I have toured the Cotter at an event here in Buffalo several years ago. It's a real icon of the Buffalo waterfront.


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Subject: RE: Fireboat Edward M Cotter
From: GUEST,leeneia
Date: 03 Aug 12 - 05:24 PM

Thank you for sharing that gripping tale, Sian.

I'm from the Midwest, and I know that the Great Lakes are dangerous, and a fireboat was surely in greater danger than most boats, because it was never intended to brave the rough waves of the open lakes.

Yes, it's true there could have been an explosion. But there's no 'gas' involved. What explodes is the flour itself - a finely divided, combustible, organic powder.

There was a terrible explosion not too long ago in Atchison, Kansas which killed six men.


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Subject: RE: Fireboat Edward M Cotter
From: sian, west wales
Date: 03 Aug 12 - 06:57 PM

Oi, Ruch! Don't make me (and the story) older than I (it) have (has) to be! That would be about ... 52 years ago. I'll have a poke around the local museum for any press coverage. Have you been to our mini heritage village? Petit and bijou. And does a fine cup of tea with scones and jam.

Leeneia, thanks for the science lesson. I am a self confessed duffer in these things. I just remember that something involving the silos could have gone kaboom.

I thought the bit about 'treacherous waters' was pushing it just a tad as I assumed it kept fairly close to shore. I know we have a few dangerous currents, but not like Lake Huron or Superior. Still, it was a big trip for a li'l boat so ... more power to its elbow.

I hope I can get on board but, even if it's just a view from the pier, it will be very interesting!

s.


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Subject: RE: Fireboat Edward M Cotter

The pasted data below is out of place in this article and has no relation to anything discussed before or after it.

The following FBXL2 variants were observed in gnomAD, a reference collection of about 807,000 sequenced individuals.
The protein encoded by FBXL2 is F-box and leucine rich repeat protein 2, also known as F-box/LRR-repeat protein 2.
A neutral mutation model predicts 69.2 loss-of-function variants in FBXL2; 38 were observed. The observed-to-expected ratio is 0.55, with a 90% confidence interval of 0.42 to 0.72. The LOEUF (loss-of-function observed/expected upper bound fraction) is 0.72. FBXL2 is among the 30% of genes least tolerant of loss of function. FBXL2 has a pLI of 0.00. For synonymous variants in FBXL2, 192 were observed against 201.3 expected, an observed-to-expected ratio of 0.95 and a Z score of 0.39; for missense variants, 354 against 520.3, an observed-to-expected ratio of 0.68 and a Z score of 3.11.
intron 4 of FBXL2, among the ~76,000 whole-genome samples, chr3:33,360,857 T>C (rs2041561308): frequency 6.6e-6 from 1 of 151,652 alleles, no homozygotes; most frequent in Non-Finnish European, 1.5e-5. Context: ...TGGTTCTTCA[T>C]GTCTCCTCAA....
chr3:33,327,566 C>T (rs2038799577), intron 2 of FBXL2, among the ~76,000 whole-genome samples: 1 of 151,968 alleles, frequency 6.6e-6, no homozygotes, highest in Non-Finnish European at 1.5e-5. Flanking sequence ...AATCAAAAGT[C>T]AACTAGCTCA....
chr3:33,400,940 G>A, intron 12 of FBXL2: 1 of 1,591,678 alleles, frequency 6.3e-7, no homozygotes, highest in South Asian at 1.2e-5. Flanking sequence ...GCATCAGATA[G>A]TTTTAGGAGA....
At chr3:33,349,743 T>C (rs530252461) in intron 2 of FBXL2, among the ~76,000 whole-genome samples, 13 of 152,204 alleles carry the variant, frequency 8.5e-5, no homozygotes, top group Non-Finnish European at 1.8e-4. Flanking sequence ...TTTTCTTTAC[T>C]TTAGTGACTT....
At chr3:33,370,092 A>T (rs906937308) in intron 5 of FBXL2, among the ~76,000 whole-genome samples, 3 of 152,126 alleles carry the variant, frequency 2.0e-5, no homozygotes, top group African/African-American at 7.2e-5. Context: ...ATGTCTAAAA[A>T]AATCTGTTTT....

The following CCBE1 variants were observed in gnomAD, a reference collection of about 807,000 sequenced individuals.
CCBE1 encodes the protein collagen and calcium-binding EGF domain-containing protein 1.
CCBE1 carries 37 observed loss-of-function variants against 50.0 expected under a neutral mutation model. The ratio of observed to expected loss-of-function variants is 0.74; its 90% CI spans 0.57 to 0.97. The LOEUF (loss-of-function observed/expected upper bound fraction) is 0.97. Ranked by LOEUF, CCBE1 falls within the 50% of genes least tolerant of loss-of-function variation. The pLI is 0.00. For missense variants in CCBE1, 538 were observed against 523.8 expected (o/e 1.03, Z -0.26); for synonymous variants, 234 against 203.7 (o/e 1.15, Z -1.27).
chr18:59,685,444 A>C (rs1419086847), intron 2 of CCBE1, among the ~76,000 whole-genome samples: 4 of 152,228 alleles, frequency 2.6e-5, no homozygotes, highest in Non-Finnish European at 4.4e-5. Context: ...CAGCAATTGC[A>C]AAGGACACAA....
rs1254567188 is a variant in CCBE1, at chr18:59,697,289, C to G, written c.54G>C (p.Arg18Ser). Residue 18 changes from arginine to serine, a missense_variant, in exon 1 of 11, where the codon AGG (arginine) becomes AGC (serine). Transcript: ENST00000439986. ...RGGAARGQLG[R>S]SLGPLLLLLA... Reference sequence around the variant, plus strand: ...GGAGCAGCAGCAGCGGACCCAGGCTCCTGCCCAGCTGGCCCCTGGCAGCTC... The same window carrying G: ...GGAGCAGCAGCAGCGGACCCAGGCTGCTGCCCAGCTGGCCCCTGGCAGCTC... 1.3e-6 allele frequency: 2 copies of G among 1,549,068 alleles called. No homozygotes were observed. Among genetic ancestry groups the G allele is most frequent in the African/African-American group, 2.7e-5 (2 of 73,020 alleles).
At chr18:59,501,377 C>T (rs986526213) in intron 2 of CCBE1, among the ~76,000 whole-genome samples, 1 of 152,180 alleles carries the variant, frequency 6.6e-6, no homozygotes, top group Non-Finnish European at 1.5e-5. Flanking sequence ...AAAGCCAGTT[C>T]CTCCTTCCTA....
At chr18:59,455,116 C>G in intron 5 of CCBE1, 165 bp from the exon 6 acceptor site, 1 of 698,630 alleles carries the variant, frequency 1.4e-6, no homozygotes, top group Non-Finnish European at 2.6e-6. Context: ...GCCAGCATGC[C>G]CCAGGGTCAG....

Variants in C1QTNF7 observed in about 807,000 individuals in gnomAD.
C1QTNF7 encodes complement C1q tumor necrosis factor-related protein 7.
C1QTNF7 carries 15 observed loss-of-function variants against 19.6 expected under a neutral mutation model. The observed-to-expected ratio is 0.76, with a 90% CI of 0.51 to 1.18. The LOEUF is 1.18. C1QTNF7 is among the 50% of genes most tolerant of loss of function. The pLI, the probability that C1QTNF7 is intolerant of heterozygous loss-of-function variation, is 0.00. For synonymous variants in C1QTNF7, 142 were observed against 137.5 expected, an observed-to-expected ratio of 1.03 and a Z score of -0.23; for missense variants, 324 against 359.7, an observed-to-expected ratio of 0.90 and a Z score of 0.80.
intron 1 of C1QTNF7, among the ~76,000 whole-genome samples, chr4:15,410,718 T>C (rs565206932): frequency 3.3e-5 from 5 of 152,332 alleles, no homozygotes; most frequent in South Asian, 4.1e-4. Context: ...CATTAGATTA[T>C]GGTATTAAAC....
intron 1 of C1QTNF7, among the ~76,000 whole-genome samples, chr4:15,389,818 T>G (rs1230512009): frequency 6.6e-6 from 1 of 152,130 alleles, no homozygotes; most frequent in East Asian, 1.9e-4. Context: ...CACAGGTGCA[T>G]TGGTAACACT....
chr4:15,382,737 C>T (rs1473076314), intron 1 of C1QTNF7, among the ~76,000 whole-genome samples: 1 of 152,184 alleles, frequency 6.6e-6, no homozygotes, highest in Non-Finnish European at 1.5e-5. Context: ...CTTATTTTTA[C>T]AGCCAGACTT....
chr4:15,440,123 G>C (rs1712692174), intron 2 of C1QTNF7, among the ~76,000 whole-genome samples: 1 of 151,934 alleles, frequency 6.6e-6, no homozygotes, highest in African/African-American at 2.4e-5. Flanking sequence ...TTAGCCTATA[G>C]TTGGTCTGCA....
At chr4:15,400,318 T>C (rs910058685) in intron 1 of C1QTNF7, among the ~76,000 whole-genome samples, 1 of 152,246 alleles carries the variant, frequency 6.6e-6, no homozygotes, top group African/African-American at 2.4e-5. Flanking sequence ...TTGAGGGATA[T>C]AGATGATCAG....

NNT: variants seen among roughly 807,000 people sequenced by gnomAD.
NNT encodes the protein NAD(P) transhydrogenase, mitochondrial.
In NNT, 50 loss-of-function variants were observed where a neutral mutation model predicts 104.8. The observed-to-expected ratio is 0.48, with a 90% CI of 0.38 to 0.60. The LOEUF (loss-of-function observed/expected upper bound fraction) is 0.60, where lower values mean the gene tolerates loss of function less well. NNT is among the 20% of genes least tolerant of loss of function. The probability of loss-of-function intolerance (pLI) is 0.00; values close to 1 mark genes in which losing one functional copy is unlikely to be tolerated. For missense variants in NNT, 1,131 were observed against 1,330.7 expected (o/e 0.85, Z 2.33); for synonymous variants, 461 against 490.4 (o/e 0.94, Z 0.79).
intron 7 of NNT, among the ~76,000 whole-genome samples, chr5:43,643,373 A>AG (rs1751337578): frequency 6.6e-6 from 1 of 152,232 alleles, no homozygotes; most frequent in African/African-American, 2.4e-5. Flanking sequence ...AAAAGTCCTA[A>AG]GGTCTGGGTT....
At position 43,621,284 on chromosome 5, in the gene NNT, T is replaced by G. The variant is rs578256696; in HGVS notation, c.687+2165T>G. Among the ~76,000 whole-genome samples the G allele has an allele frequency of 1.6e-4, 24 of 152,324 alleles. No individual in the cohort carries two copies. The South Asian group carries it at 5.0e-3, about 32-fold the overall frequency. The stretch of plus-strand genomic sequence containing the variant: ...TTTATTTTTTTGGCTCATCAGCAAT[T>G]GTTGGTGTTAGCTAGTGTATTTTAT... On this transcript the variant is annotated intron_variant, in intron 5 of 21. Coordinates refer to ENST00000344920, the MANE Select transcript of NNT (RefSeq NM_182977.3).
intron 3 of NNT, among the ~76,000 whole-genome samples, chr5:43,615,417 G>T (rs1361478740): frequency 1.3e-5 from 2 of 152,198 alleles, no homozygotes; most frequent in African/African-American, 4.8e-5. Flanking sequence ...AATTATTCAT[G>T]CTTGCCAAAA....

From: GUEST,leeneia
Date: 04 Aug 12 - 10:29 AM

Just a minute while I get out the atlas...

I see, I see. The Cotter would have gone west, parallel to the shore of Ontario from Buffalo to Port Colborne. Depending on the waves, rocks and water depts, that could have been a dicey proposition. I'm not surprised that the Coast Guard decided to go along.

I see there is a Rock Point Provincial Park just west of Port Colborne. A sailor wouldn't like the sound of that. Where there's one rocky point, there could be others below the waves.

I know from reading history that compared to the ocean, the Great Lakes are treacherous.

I hope some good bands show up in time.


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Subject: RE: Fireboat Edward M Cotter
From: GUEST,999
Date: 04 Aug 12 - 10:37 AM

"Three years before Orville and Wilbur Wright made their historic flight at Kitty Hawk, Buffalo's fireboat, currently named the Edward M. Cotter, began her 100-plus years of service to the City of Buffalo and it's fire department.

Built and commissioned during an era when Buffalo's waterfront and port were booming, the Cotter has been an invaluable asset of fire protection for the numerous warehouses, grain elevators and other facilities that line Buffalo's shores. Many of these structures pose unique challenges for firefighters and would be difficult, if not impossible, to reach using conventional land equipment. With her pumping capacity equal to that of 11 firetrucks, her importance is immeasurable.

In addition to her extraordinary firefighting capabilities, the Cotter serves another critical role as the city's sole ice-breaking resource. By breaking up ice jams in the Buffalo River, the water and ice in its upstream tributaries can flow freely, helping to prevent flooding - not only in Buffalo, but in neighboring communities as well.

In 1996, the Edward M. Cotter was designated a National Historic Landmark.

As the world's oldest working fireboat, she has borne three names, survived a devastating explosion and, as she proudly begins her second century of service, stands ready to protect our vessels and shorelines for many more years to come."